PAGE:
This was such a terrific bit of snark from my favorite tech blog, GMSV, that I had to reproduce it in total:
Only Hollywood in its 20th century box could conceive of a
digital distribution model for films that bleeds away all consumer advantage
and convenience while preserving the economies that guarantee the industry
higher margins. Facing intense pressure from Apple and others eager to
distribute online, the major Hollywood studios have finally embraced digital
Today, Movielink and CinemaNow, tinsel town’s two movie-download
services, will begin offering
us the ability to download and own films from the Internet on the same day that
they are released on DVD. But those films will cost significantly more than
their DVD counterparts (newer releases on Movielink are priced between $20 and
$30) and they won’t contain extras that are typically included on the disks.
downloads can’t be burned onto disks that can be played on other devices, such
as DVD players and gaming consoles. Sure, you can burn a backup DVD of the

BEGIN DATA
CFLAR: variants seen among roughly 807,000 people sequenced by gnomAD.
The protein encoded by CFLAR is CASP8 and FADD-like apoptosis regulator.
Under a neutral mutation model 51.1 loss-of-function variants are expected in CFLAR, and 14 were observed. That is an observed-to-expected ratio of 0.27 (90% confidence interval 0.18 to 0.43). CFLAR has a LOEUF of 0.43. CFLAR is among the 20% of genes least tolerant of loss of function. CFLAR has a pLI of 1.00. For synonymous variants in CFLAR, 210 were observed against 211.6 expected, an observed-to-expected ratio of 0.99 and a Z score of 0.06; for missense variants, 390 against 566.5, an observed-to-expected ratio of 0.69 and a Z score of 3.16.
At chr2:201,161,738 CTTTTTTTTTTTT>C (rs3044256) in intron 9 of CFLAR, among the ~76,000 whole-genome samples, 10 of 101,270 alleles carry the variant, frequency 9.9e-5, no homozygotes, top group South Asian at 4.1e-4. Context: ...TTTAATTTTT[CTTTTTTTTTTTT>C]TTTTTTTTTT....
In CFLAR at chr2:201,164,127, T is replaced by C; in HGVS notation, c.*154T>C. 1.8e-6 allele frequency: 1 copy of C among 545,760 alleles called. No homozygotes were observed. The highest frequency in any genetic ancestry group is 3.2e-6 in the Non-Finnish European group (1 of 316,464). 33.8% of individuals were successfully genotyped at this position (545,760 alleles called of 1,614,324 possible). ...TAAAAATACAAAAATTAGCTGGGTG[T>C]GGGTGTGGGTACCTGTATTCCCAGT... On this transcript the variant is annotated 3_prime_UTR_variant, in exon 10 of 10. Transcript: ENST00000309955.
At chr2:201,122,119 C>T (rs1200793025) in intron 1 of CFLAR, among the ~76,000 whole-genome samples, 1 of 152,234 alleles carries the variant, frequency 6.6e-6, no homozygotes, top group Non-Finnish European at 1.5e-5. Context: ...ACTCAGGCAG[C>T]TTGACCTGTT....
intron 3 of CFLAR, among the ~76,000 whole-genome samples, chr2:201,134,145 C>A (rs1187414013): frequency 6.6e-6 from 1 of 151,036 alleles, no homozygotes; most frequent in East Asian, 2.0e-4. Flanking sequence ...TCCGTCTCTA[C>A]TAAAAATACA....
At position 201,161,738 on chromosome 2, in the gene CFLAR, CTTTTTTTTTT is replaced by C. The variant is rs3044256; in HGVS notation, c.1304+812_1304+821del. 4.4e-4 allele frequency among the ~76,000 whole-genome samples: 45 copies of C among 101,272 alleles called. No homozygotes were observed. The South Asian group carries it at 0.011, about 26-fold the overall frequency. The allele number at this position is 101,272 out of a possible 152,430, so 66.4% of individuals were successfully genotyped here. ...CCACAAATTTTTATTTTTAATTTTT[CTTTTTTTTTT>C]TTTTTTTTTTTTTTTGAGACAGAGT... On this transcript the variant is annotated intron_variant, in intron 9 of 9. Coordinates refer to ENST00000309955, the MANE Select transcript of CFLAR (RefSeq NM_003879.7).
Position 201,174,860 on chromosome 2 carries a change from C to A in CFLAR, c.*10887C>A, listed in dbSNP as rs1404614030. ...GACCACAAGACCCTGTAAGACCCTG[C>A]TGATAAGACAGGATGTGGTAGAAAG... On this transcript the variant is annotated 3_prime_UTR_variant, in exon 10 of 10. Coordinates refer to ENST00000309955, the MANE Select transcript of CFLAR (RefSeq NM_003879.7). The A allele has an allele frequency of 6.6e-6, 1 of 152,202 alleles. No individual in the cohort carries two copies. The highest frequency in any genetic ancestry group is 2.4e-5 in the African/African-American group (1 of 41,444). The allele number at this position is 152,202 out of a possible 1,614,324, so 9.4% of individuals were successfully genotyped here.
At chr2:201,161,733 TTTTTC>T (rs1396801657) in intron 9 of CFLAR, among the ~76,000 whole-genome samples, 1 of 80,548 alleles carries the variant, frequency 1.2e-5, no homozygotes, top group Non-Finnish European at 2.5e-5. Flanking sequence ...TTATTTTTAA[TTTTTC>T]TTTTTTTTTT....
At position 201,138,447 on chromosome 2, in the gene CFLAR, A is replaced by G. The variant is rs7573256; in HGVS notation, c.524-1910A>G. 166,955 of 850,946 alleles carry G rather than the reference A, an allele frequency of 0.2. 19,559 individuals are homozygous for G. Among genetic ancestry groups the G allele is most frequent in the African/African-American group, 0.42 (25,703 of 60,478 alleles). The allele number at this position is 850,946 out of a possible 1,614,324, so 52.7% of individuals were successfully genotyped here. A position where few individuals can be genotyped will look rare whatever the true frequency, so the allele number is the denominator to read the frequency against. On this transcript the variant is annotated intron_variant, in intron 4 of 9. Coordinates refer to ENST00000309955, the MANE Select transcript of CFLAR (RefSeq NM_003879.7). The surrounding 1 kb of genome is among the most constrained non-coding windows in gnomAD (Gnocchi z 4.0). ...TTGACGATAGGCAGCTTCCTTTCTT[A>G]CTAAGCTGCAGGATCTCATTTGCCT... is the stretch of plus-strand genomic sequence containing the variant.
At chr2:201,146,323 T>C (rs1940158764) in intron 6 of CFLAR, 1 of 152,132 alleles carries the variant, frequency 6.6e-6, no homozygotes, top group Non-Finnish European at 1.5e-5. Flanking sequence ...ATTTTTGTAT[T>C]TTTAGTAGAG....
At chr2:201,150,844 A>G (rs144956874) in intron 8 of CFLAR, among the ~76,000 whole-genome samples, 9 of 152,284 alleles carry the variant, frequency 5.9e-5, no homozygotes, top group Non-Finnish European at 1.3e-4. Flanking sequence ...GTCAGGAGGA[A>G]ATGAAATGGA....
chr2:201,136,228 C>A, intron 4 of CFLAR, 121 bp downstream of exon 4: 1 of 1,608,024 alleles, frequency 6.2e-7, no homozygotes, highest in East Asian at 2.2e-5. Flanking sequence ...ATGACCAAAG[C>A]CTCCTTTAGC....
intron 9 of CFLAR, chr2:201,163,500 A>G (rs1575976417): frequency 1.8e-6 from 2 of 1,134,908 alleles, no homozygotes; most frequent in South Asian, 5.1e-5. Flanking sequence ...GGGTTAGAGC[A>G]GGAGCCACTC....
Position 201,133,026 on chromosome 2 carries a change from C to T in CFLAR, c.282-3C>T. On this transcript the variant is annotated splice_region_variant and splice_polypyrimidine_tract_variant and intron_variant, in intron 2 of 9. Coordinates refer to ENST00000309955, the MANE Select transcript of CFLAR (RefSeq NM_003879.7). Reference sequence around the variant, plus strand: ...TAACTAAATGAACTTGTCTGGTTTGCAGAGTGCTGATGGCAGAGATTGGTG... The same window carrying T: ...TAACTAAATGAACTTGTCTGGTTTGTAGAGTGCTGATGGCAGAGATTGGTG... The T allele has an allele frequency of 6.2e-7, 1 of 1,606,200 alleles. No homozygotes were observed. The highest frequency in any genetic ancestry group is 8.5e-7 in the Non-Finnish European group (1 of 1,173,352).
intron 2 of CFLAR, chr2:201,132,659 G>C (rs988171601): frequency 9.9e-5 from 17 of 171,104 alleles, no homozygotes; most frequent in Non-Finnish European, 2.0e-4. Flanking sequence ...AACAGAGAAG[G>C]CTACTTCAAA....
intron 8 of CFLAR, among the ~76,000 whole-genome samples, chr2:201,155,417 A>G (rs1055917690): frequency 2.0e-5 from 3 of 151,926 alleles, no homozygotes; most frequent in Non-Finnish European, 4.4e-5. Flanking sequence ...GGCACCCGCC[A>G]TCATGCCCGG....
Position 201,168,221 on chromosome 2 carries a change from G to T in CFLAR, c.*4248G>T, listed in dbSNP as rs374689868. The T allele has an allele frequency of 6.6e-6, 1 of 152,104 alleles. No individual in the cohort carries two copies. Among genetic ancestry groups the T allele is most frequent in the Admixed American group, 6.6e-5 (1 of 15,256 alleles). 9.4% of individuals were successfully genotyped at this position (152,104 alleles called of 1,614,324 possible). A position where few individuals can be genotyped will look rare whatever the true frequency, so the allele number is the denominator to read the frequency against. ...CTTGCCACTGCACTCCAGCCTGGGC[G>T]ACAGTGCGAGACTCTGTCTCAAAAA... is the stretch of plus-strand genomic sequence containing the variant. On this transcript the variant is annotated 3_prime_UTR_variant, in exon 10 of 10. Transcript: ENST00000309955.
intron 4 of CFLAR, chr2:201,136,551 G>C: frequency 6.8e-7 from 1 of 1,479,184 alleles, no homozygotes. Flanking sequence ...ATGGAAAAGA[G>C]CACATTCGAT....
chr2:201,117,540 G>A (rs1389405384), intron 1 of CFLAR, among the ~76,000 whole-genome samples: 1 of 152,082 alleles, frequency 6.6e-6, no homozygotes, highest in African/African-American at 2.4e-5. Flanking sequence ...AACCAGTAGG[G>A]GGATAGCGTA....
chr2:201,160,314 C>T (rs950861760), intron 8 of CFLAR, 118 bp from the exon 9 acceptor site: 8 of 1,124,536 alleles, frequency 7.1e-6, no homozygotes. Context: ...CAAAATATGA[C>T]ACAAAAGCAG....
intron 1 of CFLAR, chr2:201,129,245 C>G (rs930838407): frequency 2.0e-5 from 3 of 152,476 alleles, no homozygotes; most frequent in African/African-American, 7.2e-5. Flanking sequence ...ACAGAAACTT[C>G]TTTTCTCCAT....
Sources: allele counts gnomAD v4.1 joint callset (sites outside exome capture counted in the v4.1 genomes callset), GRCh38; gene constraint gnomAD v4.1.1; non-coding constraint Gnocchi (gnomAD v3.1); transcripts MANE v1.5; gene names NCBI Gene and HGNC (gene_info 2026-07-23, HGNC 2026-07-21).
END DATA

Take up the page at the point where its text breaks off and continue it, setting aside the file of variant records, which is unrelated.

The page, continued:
movie and keep it for as long as you care to on your computer. But if
you’d like to watch it on your TV, you must connect the two, which can be a
real inconvenience when the devices are in separate rooms. Nice, eh? Leave it to
Hollywood to offer consumers less while charging them more for it.
Of course, Hollywood doesn’t see it that way. "This really is a
transformative moment in the distribution of filmed entertainment content," Paramount
Digital Entertainment President Thomas Lesinski said. "Hollywood has finally
made a real commitment to sell films online and embrace the digital consumer."
The Internet really has come of age, hasn’t it?